Colin E. Champ, MD, discusses findings from 2 clinical trials investigating boost radiotherapy plus whole breast radiotherapy following surgery in patients with ductal carcinoma in situ or early-stage breast cancer.
Colin E. Champ, MD, radiation oncologist, Allegheny Health Network, discusses findings from 2 clinical trials investigating boost radiotherapy plus whole breast radiotherapy following surgery in patients with ductal carcinoma in situ or early-stage breast cancer.
The TROG 07.01 trial (NCT00470236) evaluated the efficacy and safety of adding tumor bed boost following hypofractionation in patients with non–low-risk ductal carcinoma in situ who have received breast-conserving surgery and whole breast radiotherapy. This 4-arm trial randomized patients to receive a standard fractionation schedule of whole breast radiotherapy, a shorter fractionation schedule of whole breast radiotherapy, whole breast radiotherapy plus a tumor bed boost at a standard fractionation schedule, or whole breast radiotherapy plus a tumor bed boost at a shorter fractionation schedule. In this trial, the 5-year rates of freedom from local recurrence were 97.1% in patients who received a tumor bed boost vs 92.7% in those who did not receive a boost. These findings indicate that although radiation therapy alone is effective in this population, adding a tumor bed boost is also effective, Champ says. In TROG 07.01, patients who received a boost experienced higher rates of adverse effects (AEs), including a 14% rate of breast pain vs a 10% rate in the no-boost arms, Champ notes.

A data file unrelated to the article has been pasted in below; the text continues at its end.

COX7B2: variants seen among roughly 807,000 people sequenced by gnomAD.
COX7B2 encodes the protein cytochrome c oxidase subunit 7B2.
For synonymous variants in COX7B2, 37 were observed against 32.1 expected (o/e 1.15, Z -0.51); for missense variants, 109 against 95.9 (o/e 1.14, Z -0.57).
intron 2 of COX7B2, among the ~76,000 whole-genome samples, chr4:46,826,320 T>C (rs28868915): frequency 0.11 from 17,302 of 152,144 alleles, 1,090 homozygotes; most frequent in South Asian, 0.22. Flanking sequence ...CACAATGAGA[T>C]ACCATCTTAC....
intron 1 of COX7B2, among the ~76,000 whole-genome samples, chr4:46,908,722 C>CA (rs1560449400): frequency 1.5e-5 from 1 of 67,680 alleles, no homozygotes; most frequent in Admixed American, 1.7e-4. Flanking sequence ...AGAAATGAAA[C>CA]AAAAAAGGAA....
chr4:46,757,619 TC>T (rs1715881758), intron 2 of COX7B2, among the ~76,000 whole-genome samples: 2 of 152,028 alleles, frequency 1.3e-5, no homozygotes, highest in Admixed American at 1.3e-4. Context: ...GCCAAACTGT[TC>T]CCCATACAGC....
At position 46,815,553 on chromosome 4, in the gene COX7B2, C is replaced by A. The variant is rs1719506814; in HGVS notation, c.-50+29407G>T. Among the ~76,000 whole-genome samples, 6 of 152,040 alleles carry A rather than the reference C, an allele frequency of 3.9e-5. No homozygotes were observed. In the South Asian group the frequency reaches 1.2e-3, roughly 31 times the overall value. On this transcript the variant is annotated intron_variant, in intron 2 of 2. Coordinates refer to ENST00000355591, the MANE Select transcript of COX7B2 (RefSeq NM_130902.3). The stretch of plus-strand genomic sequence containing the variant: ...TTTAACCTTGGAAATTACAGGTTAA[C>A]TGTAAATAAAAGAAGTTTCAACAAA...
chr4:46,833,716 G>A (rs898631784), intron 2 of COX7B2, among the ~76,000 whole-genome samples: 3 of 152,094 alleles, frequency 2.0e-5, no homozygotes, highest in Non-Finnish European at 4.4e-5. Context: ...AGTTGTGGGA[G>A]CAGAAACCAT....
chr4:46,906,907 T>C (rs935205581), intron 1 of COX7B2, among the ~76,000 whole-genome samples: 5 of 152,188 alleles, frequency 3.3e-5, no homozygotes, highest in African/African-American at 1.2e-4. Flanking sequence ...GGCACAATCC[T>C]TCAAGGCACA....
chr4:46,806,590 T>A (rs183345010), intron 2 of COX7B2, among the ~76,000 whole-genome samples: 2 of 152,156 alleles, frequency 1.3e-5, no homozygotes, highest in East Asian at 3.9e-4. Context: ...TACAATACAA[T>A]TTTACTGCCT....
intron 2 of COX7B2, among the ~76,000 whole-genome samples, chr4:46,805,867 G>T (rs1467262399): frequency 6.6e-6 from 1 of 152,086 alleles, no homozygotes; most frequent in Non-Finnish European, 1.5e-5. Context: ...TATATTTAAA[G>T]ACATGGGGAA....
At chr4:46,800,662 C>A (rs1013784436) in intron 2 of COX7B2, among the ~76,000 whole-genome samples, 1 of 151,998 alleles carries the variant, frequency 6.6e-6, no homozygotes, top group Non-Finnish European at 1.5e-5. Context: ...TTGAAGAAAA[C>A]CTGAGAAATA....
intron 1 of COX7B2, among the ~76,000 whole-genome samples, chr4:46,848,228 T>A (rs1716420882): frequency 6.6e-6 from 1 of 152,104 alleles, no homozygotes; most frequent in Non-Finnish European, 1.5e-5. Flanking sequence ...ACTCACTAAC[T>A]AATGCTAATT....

The phase 3 RTOG 1005 trial (NCT01349322) investigated hypofractionated whole breast irradiation with concurrent boost vs conventional whole breast irradiation plus sequential boost after lumpectomy in patients with high-risk early-stage breast cancer, who typically receive 3 weeks of hypofractionated whole breast irradiation followed by 4 to 5 days of a sequential boost, Champ explains. In this trial, the 5-year rates of in-breast recurrence in the sequential boost and simultaneous integrative boost arms were 2.0% and 1.9%, respectively, and the 7-year rates of in-breast recurrence were 2.2% and 2.6%, respectively. The incidence of grade 3 or higher AEs was also similar between the sequential boost and concurrent boost arms, at 3.3% and 3.5%, respectively. These findings indicate that patients who require a boost can safely receive it concomitantly with hypofractionated whole breast irradiation in the standard 3-week period rather than sequentially with radiation over a 4-week period, Champ concludes.